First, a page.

The First song of Christmas/Advent
Anglican Morning Devotion for 17 December 2021Anno domini
a ministry the Anglican Orthodox Communion Worldwide
“And Mary said, My soul doth magnify the Lord, 47And my spirit hath rejoiced in God my Saviour. 48For he hath regarded the low estate of his handmaiden: for, behold, from henceforth all generations shall call me blessed. 49For he that is mighty hath done to me great things; and holy is his name. 50And his mercy is on them that fear him from generation to generation. 51He hath shewed strength with his arm; he hath scattered the proud in the imagination of their hearts. 52He hath put down the mighty from their seats, and exalted them of low degree. 53He hath filled the hungry with good things; and the rich he hath sent empty away. 54He hath holpen his servant Israel, in remembrance of his mercy; 55As he spake to our fathers, to Abraham, and to his seed for ever. 56And Mary abode with her about three months, and returned to her own house.” (St. Luke 1:46-56;all scripture quoted is from the King James Version)
“The first Song of Christmas is the Magnificat of Mary, pg 26 of the Prayer Book, that begins with the words of Gospel of St. Luke 1:46-55:
“One can sense the great joy and devotion of Mary in this instant of Thanksgiving Prayer. As I was driving to my office a few days ago in the pre-dawn darkness, the air was cold and pristine. The stars sparkled from a cloudless sky. I began thinking about the innocent young Mary who was visited by the Archangel Gabriel so many years ago in a village called Nazareth. I thought about her being at home doing her daily chores – all alone. She must have been shocked at the warm Light that illumined her in her solace, but she was not overly fearful. I believe the approach of God always gives us a great peace. As I was contemplating this scene, I wondered, “What would have happened had her parents been present?” I’m sure the Angel would have deliberately chosen a time that would be a quiet, solitary moment when He could approach Mary alone. I believe that is precisely characteristic of God and His Holy Spirit. I believe He most often speaks to us when there are no others to distract our attention. His voice is soft and still toward those of His own choosing. Had her parents been present, it is unlikely that Mary would have seen or heard the voice and presence of the great Archangel Gabriel sent from the Father. As I thought on these things, my heart melted with love for her, and her Child, and the Father who demonstrated such great Love to us, and to her.” (AOC Christmas Letter, 9 December 2006 Anno Domini)
The birds of the morning sing most sweetly at dawn and after refreshing Spring rains, too. The dawn of the Gospel follows the shadows and psalmody of the Old Testament. It is quite natural that the shadow should resemble the image of the true form. When we read the Magnificat of Mary, we are reminded of those gentle strains and shadows of the same given in the early scenes of Israel.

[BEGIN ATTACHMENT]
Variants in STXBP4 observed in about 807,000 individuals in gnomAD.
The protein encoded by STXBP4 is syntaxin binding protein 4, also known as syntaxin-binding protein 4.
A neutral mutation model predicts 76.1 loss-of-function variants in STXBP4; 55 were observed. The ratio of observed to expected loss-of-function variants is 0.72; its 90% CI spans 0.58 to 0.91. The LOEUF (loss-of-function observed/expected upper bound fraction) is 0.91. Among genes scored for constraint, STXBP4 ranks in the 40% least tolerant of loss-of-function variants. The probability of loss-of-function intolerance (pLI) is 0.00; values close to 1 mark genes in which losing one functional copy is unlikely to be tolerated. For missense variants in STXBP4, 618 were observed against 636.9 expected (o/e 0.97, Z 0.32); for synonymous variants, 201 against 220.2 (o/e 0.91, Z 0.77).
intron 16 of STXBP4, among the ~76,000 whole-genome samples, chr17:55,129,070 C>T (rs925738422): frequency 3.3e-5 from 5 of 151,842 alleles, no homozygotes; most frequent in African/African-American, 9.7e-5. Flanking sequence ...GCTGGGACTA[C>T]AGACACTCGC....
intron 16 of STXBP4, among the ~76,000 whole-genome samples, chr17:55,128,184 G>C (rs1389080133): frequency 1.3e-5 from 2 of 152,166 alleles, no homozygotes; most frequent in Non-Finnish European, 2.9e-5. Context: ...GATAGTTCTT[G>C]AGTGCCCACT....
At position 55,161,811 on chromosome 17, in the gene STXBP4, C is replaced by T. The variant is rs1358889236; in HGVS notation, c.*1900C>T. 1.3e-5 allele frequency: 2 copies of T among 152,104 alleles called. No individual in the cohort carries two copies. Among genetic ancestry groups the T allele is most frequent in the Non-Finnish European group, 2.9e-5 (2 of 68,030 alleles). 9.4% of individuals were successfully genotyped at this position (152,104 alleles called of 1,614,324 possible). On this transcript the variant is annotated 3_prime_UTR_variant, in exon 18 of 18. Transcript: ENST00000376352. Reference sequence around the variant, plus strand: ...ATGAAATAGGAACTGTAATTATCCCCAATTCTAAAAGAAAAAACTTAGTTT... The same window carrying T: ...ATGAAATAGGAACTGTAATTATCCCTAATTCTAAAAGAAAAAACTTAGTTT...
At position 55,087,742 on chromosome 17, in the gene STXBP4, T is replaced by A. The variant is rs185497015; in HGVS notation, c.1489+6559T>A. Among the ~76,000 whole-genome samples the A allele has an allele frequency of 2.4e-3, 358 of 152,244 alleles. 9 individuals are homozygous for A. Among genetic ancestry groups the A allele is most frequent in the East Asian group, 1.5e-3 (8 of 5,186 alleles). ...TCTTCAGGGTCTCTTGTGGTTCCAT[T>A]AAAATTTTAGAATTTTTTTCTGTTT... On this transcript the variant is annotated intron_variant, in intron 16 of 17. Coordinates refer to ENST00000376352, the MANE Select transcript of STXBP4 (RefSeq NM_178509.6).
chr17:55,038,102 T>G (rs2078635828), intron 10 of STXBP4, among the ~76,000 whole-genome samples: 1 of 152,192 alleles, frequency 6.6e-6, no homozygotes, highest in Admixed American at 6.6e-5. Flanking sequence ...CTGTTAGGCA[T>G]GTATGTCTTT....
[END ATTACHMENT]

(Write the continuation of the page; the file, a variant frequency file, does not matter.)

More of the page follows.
Please examine with me the words of the lovely Hannah after God has granted her the desire of her heart (the baby Samuel):
“My heart rejoiceth in the LORD, mine horn is exalted in the LORD: my mouth is enlarged over mine enemies; because I rejoice in thy salvation. 2There is none holy as the LORD: for there is none beside thee: neither is there any rock like our God.” (1 Samuel 2:1-2)
The most beautiful words follow beautiful experiences or thoughts. But beauty needs a purity of environment for its manifestation, and it has found its ultimate satisfaction in the gentle heart of a young Virgin. Her great joy could not have been fully realized at the abrupt revelations provided by the great Angel. But Mary has travelled into the hill country of Israel. On every hand of her journey, she has been reminded by the great and Godly heritage of Israel by the mementos along the way of prophets, kings, and mountains of exceedingly precious events. As she walks the rough terrain into these Great Lone Hills, her heart is fixed on the child conceived in her womb, of the Mighty Angel, and upon the Lord of her salvation! She is overcome with humility and love – humility because she is well aware of her shortcomings and seeming unworthiness for the great honor afforded her and, Love, because she has in her body the manifestation and meaning of Love Itself.
The leading line reads: “And Mary said, My soul doth magnify the Lord, And my spirit hath rejoiced in God my Saviour.” Mary had a soul that magnified the Lord as a jeweler’s lens magnifies the excellence of a diamond. Observe that the lenses of a microscope do not alter the structural appearance of its object, but rather bears out the true structure and detail of it. Her soul was open to the nature of the Lord and made it appear large and clear to those who met her. Do our souls do this? Our souls are made magnifiers of the Lord whenever we rejoice in God our Savior! Have you had moments of despair turned suddenly into wonderful experiences of Joy in Christ? If I am sad and down, I can alter that emotion at any time by singing the great old hymns of the church. After a few lines of singing those spiritual and biblical lines, I have forgotten my sorrow and bask in the light and love of God. Try it, my friend! Study the entire text for uplifting Words of Joy.